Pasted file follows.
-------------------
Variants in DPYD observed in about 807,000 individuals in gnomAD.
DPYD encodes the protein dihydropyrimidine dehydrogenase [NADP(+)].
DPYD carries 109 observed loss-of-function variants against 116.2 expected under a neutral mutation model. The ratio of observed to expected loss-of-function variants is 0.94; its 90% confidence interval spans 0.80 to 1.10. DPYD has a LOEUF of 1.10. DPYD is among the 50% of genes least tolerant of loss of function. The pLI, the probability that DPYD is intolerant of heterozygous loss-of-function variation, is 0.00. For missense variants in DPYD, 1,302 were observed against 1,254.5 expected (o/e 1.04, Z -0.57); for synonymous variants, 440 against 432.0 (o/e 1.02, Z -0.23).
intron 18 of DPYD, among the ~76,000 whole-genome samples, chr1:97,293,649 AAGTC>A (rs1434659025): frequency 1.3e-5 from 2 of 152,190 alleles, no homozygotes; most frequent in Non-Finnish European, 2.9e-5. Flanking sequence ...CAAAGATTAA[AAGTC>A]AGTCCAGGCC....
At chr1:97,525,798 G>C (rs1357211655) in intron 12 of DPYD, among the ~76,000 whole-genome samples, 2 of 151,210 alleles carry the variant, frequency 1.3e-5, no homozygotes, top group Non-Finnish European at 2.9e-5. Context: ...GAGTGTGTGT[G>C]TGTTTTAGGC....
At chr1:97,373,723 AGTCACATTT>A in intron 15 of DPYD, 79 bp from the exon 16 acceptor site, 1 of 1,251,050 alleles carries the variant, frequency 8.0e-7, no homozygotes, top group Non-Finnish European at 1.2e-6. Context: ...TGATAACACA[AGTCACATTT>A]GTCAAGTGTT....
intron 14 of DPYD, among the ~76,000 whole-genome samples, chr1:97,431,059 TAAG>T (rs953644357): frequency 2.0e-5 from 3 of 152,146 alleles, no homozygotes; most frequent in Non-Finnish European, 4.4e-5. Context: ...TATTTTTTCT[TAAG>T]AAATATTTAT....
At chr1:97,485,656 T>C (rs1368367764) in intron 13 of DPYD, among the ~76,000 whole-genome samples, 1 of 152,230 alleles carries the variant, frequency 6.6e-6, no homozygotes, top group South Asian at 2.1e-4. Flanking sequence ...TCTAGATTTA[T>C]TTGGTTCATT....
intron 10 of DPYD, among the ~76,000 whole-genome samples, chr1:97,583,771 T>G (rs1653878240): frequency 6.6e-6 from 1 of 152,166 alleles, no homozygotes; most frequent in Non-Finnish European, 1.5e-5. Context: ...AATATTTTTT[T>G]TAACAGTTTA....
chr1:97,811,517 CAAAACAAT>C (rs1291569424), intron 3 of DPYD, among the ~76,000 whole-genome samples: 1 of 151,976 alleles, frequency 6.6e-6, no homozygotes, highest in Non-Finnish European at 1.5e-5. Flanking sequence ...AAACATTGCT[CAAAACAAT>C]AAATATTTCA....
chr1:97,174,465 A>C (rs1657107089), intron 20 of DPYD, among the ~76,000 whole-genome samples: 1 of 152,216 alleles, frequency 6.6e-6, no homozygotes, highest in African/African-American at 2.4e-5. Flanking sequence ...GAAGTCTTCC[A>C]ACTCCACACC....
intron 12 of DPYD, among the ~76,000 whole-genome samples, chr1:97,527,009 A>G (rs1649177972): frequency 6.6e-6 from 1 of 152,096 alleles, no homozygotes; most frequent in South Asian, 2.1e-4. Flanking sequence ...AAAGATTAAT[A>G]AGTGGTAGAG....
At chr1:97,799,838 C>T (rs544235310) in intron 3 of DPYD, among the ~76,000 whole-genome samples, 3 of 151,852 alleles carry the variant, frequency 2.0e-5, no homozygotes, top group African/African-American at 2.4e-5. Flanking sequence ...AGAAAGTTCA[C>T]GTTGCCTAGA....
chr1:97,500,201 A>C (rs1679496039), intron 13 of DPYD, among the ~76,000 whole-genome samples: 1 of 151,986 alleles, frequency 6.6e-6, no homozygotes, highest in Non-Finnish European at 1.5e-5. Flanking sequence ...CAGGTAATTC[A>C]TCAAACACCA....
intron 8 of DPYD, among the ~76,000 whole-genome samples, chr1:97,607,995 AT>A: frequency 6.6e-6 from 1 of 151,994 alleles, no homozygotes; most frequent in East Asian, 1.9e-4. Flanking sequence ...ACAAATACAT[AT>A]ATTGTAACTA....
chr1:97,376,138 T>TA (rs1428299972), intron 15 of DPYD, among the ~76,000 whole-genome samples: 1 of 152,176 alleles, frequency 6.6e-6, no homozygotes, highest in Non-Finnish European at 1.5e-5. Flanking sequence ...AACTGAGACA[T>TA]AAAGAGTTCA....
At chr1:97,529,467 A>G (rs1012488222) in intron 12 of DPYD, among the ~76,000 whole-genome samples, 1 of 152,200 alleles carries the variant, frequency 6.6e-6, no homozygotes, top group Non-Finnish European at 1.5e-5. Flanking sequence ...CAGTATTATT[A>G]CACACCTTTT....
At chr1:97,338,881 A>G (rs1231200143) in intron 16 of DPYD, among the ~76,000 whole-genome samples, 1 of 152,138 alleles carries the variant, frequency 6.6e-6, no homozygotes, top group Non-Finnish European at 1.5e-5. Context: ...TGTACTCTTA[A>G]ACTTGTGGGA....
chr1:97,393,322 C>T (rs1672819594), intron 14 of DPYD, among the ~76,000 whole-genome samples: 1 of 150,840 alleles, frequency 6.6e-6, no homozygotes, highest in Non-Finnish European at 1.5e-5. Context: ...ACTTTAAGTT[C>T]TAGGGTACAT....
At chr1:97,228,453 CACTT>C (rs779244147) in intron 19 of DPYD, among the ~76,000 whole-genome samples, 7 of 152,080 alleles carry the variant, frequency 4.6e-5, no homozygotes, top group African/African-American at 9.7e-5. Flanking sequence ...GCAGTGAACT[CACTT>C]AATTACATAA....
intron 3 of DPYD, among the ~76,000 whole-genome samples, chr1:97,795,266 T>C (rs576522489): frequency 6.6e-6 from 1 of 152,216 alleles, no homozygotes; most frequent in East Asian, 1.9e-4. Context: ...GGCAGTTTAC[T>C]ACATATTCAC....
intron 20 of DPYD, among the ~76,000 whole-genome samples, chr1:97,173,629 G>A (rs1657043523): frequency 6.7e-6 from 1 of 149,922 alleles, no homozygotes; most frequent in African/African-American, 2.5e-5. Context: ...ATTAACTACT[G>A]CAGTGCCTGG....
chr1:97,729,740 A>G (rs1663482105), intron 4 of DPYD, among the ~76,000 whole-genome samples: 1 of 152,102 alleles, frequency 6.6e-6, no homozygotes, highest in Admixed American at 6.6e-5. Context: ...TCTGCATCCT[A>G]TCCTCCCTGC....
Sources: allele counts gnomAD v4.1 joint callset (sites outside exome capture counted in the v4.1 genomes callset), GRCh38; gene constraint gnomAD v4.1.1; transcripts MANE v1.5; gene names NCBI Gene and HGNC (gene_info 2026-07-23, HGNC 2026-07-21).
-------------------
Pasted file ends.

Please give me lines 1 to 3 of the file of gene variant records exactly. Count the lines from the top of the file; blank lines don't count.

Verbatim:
Variants in DPYD observed in about 807,000 individuals in gnomAD.
DPYD encodes the protein dihydropyrimidine dehydrogenase [NADP(+)].
DPYD carries 109 observed loss-of-function variants against 116.2 expected under a neutral mutation model. The ratio of observed to expected loss-of-function variants is 0.94; its 90% confidence interval spans 0.80 to 1.10. DPYD has a LOEUF of 1.10. DPYD is among the 50% of genes least tolerant of loss of function. The pLI, the probability that DPYD is intolerant of heterozygous loss-of-function variation, is 0.00. For missense variants in DPYD, 1,302 were observed against 1,254.5 expected (o/e 1.04, Z -0.57); for synonymous variants, 440 against 432.0 (o/e 1.02, Z -0.23).